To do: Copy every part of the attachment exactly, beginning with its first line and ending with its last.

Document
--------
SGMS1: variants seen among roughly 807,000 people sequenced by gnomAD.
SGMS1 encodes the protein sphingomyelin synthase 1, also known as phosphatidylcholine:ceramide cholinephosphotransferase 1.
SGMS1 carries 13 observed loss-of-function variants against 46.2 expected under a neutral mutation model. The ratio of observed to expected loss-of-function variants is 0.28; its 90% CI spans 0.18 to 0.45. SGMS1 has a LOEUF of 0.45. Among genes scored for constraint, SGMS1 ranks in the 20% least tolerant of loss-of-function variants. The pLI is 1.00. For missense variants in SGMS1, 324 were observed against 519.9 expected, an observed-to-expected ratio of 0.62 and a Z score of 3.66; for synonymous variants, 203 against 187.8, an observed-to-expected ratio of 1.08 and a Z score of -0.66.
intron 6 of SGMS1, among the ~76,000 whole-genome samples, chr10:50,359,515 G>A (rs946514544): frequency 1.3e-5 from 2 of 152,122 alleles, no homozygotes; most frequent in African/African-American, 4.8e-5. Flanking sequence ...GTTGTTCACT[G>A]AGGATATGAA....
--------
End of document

SGMS1: variants seen among roughly 807,000 people sequenced by gnomAD.
SGMS1 encodes the protein sphingomyelin synthase 1, also known as phosphatidylcholine:ceramide cholinephosphotransferase 1.
SGMS1 carries 13 observed loss-of-function variants against 46.2 expected under a neutral mutation model. The ratio of observed to expected loss-of-function variants is 0.28; its 90% CI spans 0.18 to 0.45. SGMS1 has a LOEUF of 0.45. Among genes scored for constraint, SGMS1 ranks in the 20% least tolerant of loss-of-function variants. The pLI is 1.00. For missense variants in SGMS1, 324 were observed against 519.9 expected, an observed-to-expected ratio of 0.62 and a Z score of 3.66; for synonymous variants, 203 against 187.8, an observed-to-expected ratio of 1.08 and a Z score of -0.66.
intron 6 of SGMS1, among the ~76,000 whole-genome samples, chr10:50,359,515 G>A (rs946514544): frequency 1.3e-5 from 2 of 152,122 alleles, no homozygotes; most frequent in African/African-American, 4.8e-5. Flanking sequence ...GTTGTTCACT[G>A]AGGATATGAA....